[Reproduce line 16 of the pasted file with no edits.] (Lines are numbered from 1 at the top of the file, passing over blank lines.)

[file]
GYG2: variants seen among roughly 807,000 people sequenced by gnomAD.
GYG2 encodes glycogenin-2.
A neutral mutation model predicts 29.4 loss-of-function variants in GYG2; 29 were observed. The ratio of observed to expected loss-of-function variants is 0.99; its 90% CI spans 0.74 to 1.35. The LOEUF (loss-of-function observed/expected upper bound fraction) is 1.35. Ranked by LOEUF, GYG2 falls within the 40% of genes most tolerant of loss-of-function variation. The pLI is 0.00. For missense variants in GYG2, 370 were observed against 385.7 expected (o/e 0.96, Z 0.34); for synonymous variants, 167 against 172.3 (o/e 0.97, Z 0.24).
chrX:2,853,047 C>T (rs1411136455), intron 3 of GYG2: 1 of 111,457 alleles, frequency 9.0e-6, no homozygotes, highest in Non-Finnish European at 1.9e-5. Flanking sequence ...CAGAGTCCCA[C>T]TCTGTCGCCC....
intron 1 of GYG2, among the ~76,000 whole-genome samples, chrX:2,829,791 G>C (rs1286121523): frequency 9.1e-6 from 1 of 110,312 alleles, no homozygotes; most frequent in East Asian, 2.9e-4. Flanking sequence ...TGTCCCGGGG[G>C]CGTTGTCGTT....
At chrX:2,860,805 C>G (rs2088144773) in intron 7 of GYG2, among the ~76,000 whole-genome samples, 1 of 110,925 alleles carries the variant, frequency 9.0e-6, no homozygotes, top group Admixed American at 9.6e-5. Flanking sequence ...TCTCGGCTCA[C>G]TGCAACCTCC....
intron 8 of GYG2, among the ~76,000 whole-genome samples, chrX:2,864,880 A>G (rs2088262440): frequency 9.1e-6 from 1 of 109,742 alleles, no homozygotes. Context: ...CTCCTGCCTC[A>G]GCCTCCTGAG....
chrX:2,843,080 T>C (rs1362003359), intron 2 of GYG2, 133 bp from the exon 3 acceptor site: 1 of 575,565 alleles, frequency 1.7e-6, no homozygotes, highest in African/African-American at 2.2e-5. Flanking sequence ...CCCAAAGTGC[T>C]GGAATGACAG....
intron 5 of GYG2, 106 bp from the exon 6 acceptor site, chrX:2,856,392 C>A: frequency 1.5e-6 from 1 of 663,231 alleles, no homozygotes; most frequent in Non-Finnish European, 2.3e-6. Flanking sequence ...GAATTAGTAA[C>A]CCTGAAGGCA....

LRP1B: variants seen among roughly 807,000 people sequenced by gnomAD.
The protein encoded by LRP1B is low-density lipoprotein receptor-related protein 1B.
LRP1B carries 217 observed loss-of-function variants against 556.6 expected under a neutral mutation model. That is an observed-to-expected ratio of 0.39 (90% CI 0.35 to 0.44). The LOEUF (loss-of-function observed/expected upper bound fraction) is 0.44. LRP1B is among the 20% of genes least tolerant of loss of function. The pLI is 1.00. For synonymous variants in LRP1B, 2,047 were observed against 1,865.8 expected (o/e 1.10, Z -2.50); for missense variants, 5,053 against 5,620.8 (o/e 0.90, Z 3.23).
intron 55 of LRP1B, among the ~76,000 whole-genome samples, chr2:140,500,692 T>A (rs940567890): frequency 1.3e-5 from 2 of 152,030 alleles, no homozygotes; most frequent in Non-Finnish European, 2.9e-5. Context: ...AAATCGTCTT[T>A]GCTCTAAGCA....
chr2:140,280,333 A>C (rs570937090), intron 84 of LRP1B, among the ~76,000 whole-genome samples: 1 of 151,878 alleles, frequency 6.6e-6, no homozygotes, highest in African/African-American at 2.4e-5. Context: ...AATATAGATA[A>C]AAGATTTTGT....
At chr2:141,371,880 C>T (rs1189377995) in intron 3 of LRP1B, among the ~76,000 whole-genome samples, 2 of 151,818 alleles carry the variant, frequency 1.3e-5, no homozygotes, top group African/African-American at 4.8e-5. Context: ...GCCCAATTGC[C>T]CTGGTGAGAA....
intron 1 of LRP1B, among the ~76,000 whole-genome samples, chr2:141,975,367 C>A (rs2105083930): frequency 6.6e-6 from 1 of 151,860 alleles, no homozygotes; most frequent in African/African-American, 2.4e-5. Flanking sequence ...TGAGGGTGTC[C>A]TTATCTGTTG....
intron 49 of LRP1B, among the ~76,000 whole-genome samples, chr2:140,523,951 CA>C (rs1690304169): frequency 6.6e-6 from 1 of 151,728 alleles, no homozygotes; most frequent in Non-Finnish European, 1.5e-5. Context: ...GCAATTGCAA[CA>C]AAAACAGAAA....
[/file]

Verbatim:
intron 1 of LRP1B, among the ~76,000 whole-genome samples, chr2:141,975,367 C>A (rs2105083930): frequency 6.6e-6 from 1 of 151,860 alleles, no homozygotes; most frequent in African/African-American, 2.4e-5. Flanking sequence ...TGAGGGTGTC[C>A]TTATCTGTTG....